Three types of knowledge tool

What is the three types of knowledge tool? The three types of knowledge tool serves reformulating research questions in order to check what (societal) knowledge demands the questions meet. Three versions of a research question are generated, each stressing a different type of knowledge:
  • Knowledge about what is (systems knowledge)
  • Knowledge about what should be (target knowledge)
  • Knowledge about how we come from were we are to were we should be (transformation knowledge)
 
On the basis of the different versions, the most relevant one with respect to (societal) knowledge demands can jointly be identified.
Why should it be applied? When formulating research questions, researchers generally follow the standards of their thought style. Whether this answers relevant (societal) knowledge demands is unclear. The three types of knowledge tool reveals some of the implicitly applied standards and allows for jointly deliberating and deciding on the relevant question(s) to pose.
(G. Wülser)
(G. Wülser)
When should it be applied? The three types of knowledge tool supports problem framing. It is typically used when discussing and fine-tuning research questions, but can be applied at any stage as an instrument of reflection.
How does it work? Take as an example a joint project between a humanities and a medical researcher, in medical humanities. The agreed topic of the project is: “Visualizing brain activities to improve health of epilepsy patients”. In the three types of knowledge this topic can be reformulated as follows:
  • How do visualised brain activities relate to health of epilepsy patients? (Systems knowledge)
  • How will visualisation of brain activities improve the health of epilepsy patients? (Transformation knowledge)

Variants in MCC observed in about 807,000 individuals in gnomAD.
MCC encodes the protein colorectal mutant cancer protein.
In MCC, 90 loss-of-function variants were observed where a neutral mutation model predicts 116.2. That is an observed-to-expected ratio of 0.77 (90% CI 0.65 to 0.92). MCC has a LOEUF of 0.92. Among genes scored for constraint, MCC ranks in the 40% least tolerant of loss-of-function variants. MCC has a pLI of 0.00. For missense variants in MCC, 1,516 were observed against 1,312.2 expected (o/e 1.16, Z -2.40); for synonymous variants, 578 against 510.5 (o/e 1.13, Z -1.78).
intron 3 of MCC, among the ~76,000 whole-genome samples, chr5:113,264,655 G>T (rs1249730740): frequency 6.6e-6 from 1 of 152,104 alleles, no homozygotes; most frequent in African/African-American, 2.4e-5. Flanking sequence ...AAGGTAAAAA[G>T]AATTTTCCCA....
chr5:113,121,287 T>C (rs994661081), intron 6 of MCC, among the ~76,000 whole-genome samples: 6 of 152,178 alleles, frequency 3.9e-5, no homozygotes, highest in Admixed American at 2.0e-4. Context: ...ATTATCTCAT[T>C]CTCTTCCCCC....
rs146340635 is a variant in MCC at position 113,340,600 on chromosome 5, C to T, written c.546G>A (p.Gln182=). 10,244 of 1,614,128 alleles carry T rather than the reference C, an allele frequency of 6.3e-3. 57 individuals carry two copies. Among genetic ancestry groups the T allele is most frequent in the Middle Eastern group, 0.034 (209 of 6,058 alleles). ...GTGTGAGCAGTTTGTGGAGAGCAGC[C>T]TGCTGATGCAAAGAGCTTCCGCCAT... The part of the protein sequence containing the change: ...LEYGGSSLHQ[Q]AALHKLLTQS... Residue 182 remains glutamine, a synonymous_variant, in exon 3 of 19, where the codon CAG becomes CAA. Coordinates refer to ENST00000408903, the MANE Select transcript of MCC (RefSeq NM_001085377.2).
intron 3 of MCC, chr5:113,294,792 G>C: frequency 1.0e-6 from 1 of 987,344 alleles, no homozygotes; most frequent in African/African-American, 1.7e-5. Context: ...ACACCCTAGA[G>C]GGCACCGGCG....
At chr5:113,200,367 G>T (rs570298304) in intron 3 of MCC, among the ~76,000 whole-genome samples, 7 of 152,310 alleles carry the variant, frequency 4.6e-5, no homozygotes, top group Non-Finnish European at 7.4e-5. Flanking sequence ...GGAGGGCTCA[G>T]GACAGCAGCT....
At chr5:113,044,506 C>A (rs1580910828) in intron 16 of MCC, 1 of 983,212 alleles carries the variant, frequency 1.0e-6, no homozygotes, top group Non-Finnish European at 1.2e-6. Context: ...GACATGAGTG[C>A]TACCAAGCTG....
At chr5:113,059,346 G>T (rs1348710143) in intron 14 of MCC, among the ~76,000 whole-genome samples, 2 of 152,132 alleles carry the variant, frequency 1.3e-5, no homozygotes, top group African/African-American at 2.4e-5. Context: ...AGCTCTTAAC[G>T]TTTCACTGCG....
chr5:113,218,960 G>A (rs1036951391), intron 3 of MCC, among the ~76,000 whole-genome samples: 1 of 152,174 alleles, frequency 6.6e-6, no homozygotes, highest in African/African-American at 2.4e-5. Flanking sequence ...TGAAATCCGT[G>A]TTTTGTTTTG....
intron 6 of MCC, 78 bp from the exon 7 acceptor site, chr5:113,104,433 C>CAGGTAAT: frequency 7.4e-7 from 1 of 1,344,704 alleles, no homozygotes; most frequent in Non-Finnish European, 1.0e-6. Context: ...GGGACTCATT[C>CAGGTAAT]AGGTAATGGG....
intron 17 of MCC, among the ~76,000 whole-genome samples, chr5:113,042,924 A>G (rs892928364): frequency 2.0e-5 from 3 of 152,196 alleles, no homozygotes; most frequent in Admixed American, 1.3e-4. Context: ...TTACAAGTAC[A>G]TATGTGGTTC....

• What is an improved health of epilepsy patients? (Target knowledge)
How are thought-styles bridged? The outcome is an explicit deliberation and decision on the main research question(s), on how the questions relate to each other, and more clarity about what societal knowledge demand is met.
What’s the outcome? The outcome is an explicit deliberation and decision on the main research question(s), on how the questions relate to each other, and more clarity about what societal knowledge demand is met.
Who participates in what role? A facilitator should lead through the reformulation process. Participants should feel comfortable with formulating research questions. They may encompass academic and non-academic actors with various backgrounds.
What do I need to prepare? The reformulation requires flipcharts and marker pens. Before using the method for the first time, the facilitator should practice reformulation with a few examples.

 

Learn more

There is no publication on the type of knowledge tool as a method.

The three types of knowledge were first described in:
ProClim 1997. Research on Sustainability and Global Change - Visions in Science Policy by Swiss Researchers. CASS/SANW: Berne.

The different research questions the three types of knowledge relate to are briefly discussed in:

Pohl C, Hirsch Hadorn G 2008. Methodological challenges of transdisciplinary research. Natures Sciences Sociétés, V16, N2, pp 111-121.

Pohl C, Hirsch Hadorn G 2007. Principles for Designing Transdisciplinary Research - proposed by the Swiss Academies of Arts and Sciences. München: oekom verlag, pp 36-39.

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Christian Pohl